EuroCACS 2016: Computers learn how to detect fraud, waste and error

Using artificial intelligence, we are rapidly approaching the day when computers will be able to sift through terabytes of data to detect fraudulent financial transactions.

Hans van Nes speaking at EuroCACS 2016
Hans van Nes speaking at EuroCACS 2016

It won't be long before computers – using some of the latest developments in artificial intelligence or machine learning – will be able to sift through mountains of invoice and procurement data to identify potentially fraudulent transactions.

That's according to research by Consider Solutions, presented at EuroCACS 2016 in Dublin by COO Hans van Nes. The research points toward the development of systems that will revolutionise financial auditing and fraud control by training computers that can “learn” to recognise anomalous invoicing and procurement patterns.

Van Nes said that existing fraud detection software relied on the development of complex pattern matching rules to identify suspect transactions. The problem with this approach, he said, is it relied on human intelligence to create the rules which can be imperfect and time consuming. This type of software would only find something if there was an exact match or it might work on the basis of “fuzzy” matching but it would still be limited.

For these systems to work, the data that's fed into them has to be carefully structured so the rules can be applied. In addition, as new rules are developed to deal with new frauds, the smart fraudsters simply change their game.

“Wouldn't it be perfect to just have a blob of data and a machine with learning capability to go over the data and find anomalies?” said van Nes. “That's the topic of our research.”

Invoice fraud can be difficult to detect but the more data you can examine, the more correlations that can be made to find the anomalous transaction – and there can be hundreds of data points to look at. For instance, an invoice might look legitimate unless you happen to know that the payee's bank account number matches the bank account of one of your employees.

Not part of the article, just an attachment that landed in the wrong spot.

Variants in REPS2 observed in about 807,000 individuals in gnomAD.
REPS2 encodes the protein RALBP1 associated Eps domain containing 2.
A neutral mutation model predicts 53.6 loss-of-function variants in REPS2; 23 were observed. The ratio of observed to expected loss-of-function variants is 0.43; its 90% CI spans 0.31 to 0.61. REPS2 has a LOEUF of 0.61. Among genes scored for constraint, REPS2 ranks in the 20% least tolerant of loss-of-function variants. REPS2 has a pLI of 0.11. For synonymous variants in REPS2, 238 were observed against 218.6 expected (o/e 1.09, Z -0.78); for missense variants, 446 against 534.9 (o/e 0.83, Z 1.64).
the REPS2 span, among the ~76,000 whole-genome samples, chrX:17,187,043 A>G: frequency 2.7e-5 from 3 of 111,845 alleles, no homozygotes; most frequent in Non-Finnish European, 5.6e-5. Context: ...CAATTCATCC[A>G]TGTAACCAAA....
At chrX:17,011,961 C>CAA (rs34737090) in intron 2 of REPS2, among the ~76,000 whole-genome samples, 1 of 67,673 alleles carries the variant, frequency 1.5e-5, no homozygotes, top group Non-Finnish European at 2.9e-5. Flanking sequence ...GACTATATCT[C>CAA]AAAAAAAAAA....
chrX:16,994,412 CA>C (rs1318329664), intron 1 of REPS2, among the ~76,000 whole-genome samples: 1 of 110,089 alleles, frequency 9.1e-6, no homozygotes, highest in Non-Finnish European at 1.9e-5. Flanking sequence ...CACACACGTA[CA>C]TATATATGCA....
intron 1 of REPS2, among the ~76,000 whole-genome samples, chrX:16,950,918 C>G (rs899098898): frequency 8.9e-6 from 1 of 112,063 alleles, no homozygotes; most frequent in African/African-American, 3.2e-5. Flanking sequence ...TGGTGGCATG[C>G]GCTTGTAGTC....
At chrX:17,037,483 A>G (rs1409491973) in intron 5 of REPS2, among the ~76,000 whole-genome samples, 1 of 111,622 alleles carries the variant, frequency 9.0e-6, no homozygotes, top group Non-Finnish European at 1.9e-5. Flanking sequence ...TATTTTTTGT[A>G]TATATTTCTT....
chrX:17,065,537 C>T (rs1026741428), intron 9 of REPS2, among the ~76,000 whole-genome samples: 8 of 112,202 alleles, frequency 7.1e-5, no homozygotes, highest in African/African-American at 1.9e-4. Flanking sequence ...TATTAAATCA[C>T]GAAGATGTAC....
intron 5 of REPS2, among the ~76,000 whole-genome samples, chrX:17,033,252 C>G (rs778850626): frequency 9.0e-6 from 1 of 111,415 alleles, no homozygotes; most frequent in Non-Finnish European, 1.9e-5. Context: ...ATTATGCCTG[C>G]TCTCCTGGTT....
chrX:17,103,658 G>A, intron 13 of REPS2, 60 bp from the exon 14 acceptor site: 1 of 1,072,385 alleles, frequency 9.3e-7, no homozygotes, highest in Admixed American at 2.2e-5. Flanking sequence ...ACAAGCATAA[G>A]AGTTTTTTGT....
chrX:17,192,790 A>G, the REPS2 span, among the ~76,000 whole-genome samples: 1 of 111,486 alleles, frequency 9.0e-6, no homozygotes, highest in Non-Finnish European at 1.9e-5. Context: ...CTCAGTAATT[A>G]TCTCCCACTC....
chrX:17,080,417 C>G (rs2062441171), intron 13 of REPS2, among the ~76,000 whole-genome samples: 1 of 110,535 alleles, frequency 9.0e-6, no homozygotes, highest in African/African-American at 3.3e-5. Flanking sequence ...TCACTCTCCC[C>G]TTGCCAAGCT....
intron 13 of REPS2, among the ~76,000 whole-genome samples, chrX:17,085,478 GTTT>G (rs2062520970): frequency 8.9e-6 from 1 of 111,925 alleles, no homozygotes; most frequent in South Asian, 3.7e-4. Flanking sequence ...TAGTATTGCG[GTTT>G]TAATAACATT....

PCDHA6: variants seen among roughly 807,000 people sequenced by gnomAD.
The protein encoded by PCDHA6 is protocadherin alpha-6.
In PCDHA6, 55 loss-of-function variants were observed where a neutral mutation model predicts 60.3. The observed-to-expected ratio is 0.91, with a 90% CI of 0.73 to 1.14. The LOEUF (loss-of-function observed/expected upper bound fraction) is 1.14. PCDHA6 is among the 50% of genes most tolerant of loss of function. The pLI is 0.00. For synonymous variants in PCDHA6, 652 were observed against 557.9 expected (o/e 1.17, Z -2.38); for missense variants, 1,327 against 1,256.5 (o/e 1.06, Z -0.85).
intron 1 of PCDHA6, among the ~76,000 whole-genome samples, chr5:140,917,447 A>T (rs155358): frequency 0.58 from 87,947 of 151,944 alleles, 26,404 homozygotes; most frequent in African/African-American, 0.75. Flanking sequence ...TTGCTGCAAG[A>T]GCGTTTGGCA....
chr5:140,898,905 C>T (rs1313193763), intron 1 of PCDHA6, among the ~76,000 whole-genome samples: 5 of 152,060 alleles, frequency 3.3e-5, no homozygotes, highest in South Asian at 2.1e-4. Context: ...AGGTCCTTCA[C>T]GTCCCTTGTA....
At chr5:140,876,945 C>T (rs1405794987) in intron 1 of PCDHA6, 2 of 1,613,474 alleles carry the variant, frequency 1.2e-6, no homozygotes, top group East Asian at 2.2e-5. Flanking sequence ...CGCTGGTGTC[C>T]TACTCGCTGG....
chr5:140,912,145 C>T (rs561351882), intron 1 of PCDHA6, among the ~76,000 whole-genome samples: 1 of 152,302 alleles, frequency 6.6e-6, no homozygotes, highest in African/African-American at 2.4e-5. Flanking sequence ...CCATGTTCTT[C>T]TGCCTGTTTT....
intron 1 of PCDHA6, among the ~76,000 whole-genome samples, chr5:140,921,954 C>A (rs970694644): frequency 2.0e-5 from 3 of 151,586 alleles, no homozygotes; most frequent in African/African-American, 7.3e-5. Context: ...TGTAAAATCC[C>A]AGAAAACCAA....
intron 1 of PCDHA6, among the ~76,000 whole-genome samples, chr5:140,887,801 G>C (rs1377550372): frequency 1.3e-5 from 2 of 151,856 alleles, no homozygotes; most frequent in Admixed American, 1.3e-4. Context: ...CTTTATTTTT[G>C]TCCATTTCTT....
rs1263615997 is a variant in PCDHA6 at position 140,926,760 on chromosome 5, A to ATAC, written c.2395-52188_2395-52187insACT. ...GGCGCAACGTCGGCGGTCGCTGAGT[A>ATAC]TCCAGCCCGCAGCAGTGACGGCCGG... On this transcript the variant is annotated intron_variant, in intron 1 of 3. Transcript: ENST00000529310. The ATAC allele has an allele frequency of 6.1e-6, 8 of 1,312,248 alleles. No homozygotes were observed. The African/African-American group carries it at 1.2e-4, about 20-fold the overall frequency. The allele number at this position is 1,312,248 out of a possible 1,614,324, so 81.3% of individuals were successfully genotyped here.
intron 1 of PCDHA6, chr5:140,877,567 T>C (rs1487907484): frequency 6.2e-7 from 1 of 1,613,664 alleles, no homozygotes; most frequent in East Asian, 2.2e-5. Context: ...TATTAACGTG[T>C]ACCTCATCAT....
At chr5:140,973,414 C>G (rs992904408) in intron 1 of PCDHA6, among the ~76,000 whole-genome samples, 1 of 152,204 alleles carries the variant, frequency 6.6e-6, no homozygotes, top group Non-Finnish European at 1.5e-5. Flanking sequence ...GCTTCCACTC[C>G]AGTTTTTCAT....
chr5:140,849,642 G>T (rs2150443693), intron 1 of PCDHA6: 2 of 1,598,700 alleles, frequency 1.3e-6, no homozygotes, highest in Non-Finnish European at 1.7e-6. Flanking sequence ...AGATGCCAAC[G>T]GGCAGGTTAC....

According to van Nes, AI can combine numerous views of different data sources to find discrepancies, producing results which yield far fewer false positives than other methods.

One of the challenges with AI systems is the presentation of the data. As he says, “Too much love will kill you – if you present too much information then no one will do anything with any of it because it is overwhelming.”

Artificially intelligent computer software will do much to revolutionise the way intelligence is generated from vast quantities of data, he said.

“Much of governance, risk and compliance implementations nowadays simply produce reports every month, every quarter, every year and nothing is being done with it – it is just to satisfy the auditors,” he said.

“We have the idea that you [should] do these things to improve the operation, the bottom line. So what you need to present is business relevant stuff, not volume,” he said.

During the Q&A after the presentation, some of the audience questioned how to make a business case for this technology to senior management when you don't have cases of fraudulent activity to use to demonstrate the need for it.

The answer, said van Nes, is in the data – run your corporate data through these systems and it will turn up anomalous activity which you can then investigate. It doesn't preclude the need for human intervention, it's merely another tool in the arsenal for identifying transactions, which might be caused by human error or as a result of an attempt to defraud the organisation but can be identified because they don't fit the norm.